The vote had been scheduled for Sunday. This is the latest of several delays in the election originally scheduled for late 2016, amid opposition concerns that President Joseph Kabila had been looking for ways to stay in power. Kabila, in office since 2001, earlier this year announced he would step aside.
After last week's fire destroyed some 8,000 voting machines in Kinshasa, officials found replacement machines but had to get 5 million new ballots printed and prepared, said Corneille Nangaa, head of the national electoral commission.
He called on the country of some 40 million voters for calm. The delay of even a week could spark another wave of unrest. Some protesters quickly gathered outside the electoral commission's offices to demonstrate against the decision to postpone the vote.
"Nangaa speaks nonsense. They didn't organize the election in seven years and they want us to believe they will be ready in seven days? Kabila is sabotaging the election. Kabila must go," said Fiston Adumba, 32.
Tensions have been rising in Congo, which has not had a peaceful, democratic change of leader since it became independent from Belgium in 1960. On Wednesday the governor of Kinshasa, Andre Kimbuta, banned all election rallies in the capital, citing security concerns. That prevented opposition leader Martin Fayulu from holding a rally. Thousands of angry supporters gathered but police dispersed them with tear gas.
"No postponement is justifiable," Fayulu's coalition said in a statement late Thursday, saying it would not accept the delay and accusing Kabila of trying to stay in power and "continue to loot the country."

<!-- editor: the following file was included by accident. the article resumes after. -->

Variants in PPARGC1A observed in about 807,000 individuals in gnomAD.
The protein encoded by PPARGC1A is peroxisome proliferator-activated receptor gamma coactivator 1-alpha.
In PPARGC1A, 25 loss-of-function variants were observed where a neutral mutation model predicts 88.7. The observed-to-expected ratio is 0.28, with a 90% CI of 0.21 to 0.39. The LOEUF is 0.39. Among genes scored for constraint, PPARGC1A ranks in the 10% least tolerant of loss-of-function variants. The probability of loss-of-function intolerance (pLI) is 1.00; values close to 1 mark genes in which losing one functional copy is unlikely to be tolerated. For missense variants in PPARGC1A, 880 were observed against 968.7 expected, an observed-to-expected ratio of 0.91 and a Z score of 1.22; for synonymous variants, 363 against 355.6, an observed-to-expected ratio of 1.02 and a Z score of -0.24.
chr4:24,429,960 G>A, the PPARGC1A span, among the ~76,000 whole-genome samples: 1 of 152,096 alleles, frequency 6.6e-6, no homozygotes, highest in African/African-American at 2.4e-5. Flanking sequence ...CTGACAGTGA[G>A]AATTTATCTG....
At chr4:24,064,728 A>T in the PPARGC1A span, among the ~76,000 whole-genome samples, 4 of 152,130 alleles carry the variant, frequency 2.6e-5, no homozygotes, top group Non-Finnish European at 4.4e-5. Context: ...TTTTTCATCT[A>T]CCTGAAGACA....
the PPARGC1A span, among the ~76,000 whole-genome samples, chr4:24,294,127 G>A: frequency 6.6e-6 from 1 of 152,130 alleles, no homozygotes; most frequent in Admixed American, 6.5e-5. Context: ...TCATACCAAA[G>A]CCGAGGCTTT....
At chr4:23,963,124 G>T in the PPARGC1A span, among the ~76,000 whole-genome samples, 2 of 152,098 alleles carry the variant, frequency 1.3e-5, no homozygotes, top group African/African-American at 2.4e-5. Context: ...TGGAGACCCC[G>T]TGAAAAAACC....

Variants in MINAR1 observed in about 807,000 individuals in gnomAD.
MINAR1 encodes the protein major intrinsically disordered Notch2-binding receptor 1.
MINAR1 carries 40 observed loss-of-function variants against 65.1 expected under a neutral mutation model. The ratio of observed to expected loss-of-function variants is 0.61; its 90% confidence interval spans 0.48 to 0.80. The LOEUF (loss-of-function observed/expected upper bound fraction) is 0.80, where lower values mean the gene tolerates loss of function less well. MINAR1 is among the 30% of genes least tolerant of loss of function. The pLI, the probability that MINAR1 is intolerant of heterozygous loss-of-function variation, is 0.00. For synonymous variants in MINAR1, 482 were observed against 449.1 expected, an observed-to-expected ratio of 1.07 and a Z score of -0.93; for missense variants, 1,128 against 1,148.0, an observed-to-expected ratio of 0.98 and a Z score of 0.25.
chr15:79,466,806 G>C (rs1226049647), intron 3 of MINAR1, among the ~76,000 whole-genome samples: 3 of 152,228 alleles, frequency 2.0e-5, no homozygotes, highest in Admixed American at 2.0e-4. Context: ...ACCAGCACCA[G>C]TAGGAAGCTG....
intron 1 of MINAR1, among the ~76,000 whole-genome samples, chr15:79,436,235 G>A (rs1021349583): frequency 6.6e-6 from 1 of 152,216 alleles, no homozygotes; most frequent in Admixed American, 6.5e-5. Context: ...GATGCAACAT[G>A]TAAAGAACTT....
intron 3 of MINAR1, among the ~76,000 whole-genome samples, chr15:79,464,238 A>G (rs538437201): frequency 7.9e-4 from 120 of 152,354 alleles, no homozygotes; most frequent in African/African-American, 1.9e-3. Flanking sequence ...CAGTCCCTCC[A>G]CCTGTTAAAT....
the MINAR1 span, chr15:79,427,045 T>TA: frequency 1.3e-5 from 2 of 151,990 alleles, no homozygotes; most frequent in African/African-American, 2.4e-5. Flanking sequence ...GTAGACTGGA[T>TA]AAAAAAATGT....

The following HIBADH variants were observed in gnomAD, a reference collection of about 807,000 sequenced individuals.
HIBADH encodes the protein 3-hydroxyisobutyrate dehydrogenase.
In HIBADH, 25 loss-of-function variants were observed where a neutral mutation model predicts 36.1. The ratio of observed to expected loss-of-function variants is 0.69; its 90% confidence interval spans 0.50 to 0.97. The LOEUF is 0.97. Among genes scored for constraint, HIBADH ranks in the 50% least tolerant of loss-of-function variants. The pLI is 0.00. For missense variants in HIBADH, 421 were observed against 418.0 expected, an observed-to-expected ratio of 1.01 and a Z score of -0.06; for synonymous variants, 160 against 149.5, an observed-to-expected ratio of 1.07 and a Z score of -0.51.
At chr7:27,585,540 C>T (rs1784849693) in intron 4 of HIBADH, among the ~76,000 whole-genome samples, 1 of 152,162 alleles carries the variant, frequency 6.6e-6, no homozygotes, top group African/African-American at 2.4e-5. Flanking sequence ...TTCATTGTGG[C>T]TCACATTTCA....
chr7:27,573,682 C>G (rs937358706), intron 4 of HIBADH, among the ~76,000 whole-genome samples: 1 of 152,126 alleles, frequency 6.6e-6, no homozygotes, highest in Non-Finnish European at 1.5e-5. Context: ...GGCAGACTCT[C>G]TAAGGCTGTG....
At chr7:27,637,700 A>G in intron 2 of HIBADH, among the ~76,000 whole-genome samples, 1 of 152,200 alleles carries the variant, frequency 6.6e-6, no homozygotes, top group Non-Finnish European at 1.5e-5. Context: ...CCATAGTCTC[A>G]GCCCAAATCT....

"For us, it's a decision that bothers us ... but we bow to it," Kikaya Bin Karubi, Kabila's special adviser and a spokesman for ruling party candidate Emmanuel Ramazani Shadary, told The Associated Press.
Several people have been killed in recent days at chaotic opposition rallies in various parts of the country, leading the U.N. Security Council to issue a statement this week calling on Congo's government to "swiftly investigate." The council also called for a "violence-free environment."
On Dec. 12, the U.N.'s special representative in Congo denounced "the obstacles encountered by some opposition candidates during their efforts to hold public meetings in certain cities around the country." Among several incidents, Fayulu was prevented from landing in Kindu where he was scheduled hold a rally on Dec. 9, according to his campaign manager, Pierre Lumbi.
"I am concerned by the growing tensions ... and the risk of escalating violence that could lead to the commission of grave crimes," the prosecutor for the International Criminal Court, Fatou Bensouda, said in a statement on Thursday. She warned that anyone who "incites or participates in mass violence" could be prosecuted.
Other observers have expressed concern over whether adequate election materials have been distributed across the vast country that is more than three times the size of Texas. Congo is using voting machines for the first time, a rarity in Africa, and opposition members, diplomats and technical experts have expressed concern about the possibility of manipulation.
Associated Press writer Mike Corder in Amsterdam contributed.
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